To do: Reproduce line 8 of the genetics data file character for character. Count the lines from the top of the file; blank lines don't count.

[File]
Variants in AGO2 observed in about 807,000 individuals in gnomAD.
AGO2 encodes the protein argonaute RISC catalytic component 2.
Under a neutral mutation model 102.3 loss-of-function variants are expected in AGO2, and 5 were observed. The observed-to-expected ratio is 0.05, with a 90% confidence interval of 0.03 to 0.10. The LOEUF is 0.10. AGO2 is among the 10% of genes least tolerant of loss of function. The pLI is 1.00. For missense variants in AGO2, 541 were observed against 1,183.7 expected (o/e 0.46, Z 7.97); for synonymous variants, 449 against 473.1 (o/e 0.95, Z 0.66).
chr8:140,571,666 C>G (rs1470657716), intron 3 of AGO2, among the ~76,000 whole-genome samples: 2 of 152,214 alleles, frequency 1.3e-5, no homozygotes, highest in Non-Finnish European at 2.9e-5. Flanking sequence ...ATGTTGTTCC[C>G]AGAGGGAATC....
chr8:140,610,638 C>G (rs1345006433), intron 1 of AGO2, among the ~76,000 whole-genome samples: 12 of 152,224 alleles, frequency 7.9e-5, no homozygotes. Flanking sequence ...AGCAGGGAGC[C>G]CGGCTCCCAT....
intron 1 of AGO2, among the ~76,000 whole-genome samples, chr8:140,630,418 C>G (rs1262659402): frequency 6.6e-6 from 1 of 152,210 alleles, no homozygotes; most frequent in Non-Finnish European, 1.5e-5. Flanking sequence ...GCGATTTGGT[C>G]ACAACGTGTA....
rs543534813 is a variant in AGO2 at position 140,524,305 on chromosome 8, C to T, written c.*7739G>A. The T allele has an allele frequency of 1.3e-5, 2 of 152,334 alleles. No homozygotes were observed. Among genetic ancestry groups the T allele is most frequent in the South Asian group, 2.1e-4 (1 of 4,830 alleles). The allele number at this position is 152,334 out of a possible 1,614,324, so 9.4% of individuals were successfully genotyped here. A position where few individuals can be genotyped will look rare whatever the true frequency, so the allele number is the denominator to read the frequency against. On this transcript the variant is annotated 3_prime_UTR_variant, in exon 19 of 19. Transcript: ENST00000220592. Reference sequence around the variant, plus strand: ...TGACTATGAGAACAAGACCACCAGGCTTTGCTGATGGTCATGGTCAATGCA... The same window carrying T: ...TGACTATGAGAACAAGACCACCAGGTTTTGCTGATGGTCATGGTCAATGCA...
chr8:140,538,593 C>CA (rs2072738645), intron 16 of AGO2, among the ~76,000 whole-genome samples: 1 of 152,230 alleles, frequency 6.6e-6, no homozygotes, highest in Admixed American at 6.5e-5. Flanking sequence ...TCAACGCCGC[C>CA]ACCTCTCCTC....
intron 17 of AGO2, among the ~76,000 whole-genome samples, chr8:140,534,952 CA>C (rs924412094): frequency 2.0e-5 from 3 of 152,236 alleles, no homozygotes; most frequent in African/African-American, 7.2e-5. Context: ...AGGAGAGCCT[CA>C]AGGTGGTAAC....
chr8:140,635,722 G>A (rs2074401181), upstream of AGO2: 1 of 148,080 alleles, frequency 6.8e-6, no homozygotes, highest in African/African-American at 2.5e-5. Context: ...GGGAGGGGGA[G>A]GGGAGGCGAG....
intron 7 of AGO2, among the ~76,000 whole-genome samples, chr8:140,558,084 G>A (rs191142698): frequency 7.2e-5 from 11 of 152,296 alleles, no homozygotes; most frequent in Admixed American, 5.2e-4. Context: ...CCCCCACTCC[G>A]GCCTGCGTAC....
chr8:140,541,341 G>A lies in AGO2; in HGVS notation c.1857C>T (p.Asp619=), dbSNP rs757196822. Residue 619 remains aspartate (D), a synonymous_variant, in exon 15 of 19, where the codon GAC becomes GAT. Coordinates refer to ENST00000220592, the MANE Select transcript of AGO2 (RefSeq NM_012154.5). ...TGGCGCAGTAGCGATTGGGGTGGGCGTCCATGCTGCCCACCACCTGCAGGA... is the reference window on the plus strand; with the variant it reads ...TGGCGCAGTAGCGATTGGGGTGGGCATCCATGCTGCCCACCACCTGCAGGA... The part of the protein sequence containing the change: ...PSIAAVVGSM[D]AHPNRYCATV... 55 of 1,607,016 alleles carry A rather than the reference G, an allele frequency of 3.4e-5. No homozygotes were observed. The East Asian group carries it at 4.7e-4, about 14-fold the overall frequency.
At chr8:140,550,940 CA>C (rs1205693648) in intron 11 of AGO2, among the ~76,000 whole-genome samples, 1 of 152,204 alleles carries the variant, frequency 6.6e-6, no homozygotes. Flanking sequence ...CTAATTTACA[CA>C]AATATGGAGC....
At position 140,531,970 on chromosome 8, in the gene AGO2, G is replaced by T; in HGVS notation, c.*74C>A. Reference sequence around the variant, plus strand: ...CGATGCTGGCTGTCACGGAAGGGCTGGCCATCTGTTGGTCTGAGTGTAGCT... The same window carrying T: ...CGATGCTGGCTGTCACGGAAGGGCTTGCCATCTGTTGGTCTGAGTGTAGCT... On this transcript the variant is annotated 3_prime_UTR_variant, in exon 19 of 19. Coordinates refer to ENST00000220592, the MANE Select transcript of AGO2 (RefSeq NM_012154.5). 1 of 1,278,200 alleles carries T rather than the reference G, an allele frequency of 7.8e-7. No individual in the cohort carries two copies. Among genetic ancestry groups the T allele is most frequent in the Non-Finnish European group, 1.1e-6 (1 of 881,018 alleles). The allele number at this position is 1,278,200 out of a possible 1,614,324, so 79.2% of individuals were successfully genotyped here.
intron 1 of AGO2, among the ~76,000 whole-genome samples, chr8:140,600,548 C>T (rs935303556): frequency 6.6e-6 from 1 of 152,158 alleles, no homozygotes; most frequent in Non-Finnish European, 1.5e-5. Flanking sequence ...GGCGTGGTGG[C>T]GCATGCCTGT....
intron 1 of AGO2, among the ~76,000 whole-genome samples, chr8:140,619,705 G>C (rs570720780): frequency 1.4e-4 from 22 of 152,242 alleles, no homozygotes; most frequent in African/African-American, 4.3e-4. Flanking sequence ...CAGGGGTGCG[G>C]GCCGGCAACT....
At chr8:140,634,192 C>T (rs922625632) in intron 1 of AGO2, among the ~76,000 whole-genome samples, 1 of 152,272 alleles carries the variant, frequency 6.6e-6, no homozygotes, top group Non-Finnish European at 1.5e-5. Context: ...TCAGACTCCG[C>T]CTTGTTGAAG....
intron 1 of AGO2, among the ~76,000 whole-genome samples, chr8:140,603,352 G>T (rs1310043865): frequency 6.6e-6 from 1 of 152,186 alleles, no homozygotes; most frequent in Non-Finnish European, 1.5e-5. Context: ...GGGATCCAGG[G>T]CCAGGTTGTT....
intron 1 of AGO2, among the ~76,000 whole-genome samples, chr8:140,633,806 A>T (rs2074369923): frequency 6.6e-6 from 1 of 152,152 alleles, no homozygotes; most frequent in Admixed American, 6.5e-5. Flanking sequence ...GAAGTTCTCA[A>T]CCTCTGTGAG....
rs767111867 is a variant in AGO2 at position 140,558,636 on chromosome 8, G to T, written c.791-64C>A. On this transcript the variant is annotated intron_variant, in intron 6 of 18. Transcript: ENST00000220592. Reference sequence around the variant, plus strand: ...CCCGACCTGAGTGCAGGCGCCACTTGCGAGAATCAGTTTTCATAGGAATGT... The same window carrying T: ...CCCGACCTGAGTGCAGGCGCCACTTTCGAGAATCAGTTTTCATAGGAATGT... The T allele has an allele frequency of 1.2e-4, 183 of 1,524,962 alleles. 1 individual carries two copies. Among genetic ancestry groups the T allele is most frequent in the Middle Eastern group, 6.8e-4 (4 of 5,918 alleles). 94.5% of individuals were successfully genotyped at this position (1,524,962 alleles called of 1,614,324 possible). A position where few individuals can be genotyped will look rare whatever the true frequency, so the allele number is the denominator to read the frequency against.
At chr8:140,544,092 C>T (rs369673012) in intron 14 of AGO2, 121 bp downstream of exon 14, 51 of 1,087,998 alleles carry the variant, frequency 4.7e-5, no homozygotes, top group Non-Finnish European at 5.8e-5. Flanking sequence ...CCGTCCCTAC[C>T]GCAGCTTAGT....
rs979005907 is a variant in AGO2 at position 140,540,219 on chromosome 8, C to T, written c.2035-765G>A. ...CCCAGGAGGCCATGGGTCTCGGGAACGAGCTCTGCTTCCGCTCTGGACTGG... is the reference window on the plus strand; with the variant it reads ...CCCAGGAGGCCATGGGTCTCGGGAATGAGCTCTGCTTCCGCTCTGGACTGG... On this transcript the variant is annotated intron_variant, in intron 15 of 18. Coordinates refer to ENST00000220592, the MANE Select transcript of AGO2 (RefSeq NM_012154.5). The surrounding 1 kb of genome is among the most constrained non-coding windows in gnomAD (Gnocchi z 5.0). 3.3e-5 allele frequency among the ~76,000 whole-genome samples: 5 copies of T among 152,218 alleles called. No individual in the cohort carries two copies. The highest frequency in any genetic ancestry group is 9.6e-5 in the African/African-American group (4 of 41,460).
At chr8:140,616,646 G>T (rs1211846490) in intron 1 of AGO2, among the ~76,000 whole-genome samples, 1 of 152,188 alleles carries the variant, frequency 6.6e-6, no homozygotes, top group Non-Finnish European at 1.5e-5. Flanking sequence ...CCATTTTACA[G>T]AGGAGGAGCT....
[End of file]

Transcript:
chr8:140,538,593 C>CA (rs2072738645), intron 16 of AGO2, among the ~76,000 whole-genome samples: 1 of 152,230 alleles, frequency 6.6e-6, no homozygotes, highest in Admixed American at 6.5e-5. Flanking sequence ...TCAACGCCGC[C>CA]ACCTCTCCTC....